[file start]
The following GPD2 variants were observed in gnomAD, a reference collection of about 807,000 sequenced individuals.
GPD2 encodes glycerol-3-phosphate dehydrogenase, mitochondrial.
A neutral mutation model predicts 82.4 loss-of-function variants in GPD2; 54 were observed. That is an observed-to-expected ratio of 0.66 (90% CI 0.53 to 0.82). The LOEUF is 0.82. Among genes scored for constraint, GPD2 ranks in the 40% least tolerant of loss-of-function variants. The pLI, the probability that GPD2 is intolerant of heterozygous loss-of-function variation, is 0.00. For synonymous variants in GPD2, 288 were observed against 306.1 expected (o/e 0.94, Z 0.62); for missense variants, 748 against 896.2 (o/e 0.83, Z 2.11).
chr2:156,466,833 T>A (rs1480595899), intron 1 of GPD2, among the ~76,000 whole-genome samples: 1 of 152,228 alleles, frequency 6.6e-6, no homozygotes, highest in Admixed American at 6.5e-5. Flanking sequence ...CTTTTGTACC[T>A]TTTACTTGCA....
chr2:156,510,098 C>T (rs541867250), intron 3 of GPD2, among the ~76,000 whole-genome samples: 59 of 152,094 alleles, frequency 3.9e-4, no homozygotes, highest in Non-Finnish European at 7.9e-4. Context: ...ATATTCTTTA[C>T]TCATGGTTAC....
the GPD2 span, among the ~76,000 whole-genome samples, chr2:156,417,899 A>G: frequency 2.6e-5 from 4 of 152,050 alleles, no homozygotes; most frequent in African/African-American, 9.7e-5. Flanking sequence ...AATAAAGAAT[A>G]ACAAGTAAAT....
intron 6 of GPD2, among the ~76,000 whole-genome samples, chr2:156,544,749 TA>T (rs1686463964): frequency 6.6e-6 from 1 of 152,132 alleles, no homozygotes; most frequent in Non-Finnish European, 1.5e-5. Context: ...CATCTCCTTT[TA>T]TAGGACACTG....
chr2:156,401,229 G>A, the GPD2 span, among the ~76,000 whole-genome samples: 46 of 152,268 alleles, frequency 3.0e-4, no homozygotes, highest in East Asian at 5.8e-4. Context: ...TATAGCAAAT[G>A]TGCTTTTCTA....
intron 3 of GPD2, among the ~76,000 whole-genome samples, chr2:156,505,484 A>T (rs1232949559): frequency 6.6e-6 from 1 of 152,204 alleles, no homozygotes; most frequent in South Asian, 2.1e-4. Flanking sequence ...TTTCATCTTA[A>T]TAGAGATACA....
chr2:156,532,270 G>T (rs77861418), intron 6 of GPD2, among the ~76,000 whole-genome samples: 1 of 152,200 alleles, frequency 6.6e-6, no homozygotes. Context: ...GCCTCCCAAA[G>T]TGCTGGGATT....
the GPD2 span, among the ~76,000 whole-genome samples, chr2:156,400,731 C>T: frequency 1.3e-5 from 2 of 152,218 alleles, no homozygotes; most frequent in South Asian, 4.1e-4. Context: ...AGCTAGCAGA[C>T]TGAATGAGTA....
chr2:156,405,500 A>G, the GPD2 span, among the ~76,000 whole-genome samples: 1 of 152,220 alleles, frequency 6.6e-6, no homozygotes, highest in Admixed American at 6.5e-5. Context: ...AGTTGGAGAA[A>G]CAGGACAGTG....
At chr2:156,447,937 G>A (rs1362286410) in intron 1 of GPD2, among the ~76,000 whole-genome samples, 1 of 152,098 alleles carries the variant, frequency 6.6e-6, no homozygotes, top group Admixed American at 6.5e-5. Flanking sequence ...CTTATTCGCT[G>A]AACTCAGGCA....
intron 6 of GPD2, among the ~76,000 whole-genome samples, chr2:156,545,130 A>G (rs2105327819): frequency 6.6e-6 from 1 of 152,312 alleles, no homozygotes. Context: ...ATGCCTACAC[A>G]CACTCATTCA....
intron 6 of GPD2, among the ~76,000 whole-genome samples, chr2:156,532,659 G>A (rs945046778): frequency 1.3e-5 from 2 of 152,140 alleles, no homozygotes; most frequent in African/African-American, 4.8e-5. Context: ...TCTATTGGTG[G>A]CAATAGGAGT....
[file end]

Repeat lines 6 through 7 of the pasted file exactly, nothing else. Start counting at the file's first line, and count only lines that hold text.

the GPD2 span, among the ~76,000 whole-genome samples, chr2:156,417,899 A>G: frequency 2.6e-5 from 4 of 152,050 alleles, no homozygotes; most frequent in African/African-American, 9.7e-5. Flanking sequence ...AATAAAGAAT[A>G]ACAAGTAAAT....
intron 6 of GPD2, among the ~76,000 whole-genome samples, chr2:156,544,749 TA>T (rs1686463964): frequency 6.6e-6 from 1 of 152,132 alleles, no homozygotes; most frequent in Non-Finnish European, 1.5e-5. Context: ...CATCTCCTTT[TA>T]TAGGACACTG....